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Inside the SGS contract saga

One of the vehicle inspection sites in Uganda

Vehicle owners were given up to June 2017 to have successfully gone through the inspection exercise and obtained certificates of inspection to avoid being inconvenienced by traffic police on the road.

But the deadline was extended until further notice as Parliament went about investigations into circumstances that surrounded the awarding of the contract to SGS Uganda Ltd.

SGS boss speaks out

Christophe Dubois, the country manager for SGS told The Independent on Feb.23 that they are waiting for an important communication.

“We are yet to receive official communication from the Government of Uganda regarding the result of the parliamentary review that has taken place since June 2017. In the meantime, SGS remains committed to contribute to the national road safety program by offering a state of the art service with a view to improving road safety in Uganda,” he said.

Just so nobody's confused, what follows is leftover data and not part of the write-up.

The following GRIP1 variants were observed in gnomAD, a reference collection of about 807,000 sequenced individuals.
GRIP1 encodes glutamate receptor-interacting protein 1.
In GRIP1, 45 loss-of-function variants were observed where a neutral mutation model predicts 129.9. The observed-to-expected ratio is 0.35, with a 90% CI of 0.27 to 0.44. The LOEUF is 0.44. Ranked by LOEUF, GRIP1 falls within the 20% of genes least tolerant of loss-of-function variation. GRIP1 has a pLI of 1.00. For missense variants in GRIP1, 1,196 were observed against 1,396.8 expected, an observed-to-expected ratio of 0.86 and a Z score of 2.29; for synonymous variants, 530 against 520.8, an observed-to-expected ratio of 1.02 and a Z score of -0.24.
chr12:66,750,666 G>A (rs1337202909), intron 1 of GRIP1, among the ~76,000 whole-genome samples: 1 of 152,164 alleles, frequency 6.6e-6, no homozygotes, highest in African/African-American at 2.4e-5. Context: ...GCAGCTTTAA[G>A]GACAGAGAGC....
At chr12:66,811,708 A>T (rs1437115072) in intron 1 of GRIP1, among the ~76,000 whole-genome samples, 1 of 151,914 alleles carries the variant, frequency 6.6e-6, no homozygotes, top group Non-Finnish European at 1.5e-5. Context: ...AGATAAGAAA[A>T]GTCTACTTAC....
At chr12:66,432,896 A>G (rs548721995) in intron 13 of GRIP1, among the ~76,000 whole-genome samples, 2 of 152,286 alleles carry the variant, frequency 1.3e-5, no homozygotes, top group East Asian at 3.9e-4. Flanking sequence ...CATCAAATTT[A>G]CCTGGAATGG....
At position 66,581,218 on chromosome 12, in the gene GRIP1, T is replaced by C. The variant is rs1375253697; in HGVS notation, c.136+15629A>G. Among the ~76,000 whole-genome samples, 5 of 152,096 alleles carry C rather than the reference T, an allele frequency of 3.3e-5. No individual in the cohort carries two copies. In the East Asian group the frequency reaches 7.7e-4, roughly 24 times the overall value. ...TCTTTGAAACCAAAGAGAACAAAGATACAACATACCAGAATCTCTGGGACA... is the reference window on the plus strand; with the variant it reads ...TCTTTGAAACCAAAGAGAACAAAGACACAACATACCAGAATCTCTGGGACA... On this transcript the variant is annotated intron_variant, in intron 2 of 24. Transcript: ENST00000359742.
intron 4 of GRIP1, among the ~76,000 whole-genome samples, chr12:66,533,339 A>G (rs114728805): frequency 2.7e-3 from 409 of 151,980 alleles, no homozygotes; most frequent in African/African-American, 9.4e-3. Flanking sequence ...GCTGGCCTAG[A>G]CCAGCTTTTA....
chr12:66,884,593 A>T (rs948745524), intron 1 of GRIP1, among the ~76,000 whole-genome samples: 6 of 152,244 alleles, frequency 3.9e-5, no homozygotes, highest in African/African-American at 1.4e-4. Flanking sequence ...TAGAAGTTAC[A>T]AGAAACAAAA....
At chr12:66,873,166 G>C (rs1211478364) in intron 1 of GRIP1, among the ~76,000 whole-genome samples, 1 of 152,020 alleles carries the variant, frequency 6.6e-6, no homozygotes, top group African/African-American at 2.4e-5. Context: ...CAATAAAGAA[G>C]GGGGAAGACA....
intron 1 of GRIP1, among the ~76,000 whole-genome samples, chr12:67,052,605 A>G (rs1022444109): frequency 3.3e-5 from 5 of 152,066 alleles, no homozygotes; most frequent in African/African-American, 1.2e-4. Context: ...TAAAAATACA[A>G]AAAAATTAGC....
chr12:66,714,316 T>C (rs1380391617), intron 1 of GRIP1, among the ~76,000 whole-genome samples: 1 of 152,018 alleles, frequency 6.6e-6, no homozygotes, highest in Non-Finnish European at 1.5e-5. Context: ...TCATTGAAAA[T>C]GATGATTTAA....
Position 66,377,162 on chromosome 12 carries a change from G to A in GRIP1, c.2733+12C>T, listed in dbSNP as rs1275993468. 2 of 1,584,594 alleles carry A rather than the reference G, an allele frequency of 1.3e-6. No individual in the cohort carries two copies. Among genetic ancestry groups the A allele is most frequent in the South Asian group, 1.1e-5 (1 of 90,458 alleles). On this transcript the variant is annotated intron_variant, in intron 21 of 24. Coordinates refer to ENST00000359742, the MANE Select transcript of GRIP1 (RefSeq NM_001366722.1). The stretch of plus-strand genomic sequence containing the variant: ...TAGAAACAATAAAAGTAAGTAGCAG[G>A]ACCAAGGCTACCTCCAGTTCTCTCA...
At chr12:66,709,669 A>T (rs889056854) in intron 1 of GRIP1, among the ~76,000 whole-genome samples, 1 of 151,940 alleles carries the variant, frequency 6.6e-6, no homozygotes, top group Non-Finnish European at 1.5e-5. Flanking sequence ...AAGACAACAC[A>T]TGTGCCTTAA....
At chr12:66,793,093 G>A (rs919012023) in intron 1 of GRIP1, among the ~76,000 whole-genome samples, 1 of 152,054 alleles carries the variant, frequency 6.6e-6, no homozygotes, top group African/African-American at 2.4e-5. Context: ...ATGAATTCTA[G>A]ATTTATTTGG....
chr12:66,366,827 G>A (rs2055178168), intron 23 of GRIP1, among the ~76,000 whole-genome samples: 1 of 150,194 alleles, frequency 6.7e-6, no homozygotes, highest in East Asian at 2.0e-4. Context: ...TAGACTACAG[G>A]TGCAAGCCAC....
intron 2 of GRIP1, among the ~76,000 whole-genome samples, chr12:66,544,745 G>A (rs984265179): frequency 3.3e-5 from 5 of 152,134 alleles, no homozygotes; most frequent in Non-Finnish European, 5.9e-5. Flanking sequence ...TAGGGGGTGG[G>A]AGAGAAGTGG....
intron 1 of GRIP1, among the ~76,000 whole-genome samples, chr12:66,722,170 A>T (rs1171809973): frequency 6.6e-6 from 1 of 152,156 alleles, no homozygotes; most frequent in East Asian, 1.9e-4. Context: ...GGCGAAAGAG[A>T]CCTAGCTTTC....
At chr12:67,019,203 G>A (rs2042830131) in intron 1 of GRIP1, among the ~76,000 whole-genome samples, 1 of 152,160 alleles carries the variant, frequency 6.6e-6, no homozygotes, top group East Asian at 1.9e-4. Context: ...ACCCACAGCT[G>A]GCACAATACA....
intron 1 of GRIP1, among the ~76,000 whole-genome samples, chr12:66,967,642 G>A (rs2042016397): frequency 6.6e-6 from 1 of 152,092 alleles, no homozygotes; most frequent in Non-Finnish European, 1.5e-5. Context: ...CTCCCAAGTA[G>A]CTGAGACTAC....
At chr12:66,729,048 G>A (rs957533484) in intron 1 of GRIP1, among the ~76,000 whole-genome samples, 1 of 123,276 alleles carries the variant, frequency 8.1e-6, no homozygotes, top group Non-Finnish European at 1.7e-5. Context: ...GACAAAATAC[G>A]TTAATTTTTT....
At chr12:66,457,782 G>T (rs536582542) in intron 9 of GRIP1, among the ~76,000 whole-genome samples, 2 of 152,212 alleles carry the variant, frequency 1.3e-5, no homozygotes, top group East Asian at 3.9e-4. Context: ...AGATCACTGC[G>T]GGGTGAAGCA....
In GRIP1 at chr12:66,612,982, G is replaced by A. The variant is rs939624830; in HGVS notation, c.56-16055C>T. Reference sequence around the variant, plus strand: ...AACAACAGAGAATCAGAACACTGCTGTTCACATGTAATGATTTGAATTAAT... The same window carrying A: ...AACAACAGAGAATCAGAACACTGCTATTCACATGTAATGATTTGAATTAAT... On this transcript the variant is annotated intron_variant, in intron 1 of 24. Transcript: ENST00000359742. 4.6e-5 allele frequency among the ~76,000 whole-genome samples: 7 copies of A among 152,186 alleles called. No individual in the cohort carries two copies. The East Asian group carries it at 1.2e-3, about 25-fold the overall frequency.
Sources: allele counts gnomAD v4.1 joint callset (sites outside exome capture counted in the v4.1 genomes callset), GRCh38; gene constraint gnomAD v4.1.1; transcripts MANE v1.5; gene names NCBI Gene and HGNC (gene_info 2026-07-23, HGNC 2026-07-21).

Without specifics Dubois, however, said Parliament’s proceedings on the matter had affected the exercise with the inspection numbers significantly dropping to a handful of cars per day.

He said that by February 2018, they had inspected approx. 35, 000 vehicles – out of those, 78% had passed the test and 28% failed. It is estimated that Uganda has over 1 million motor vehicles on the road.

But as the SGS waits for government’s official communication on the matter, opponents of the exercise have welcomed the two reports from Parliament.

Andrew Karamagi, a lawyer who in the past attempted to block the exercise in courts of law told The Independent that he ‘disagrees with the majority report’s proposition to halt the exercise for three months because nothing can be done to salvage that contract.’

“It was and still is so badly steeped in outright illegality, collusion and fraud that the only remedy is to terminate the same,” he said, adding that the government need to stop the trend of the so-called investors coming into the country and threatening with compensation claims in case the government pulls out of contracts.

“It can’t be business as usual…terminating that contract will sound a warning shot which will be loud and clear,” he added.

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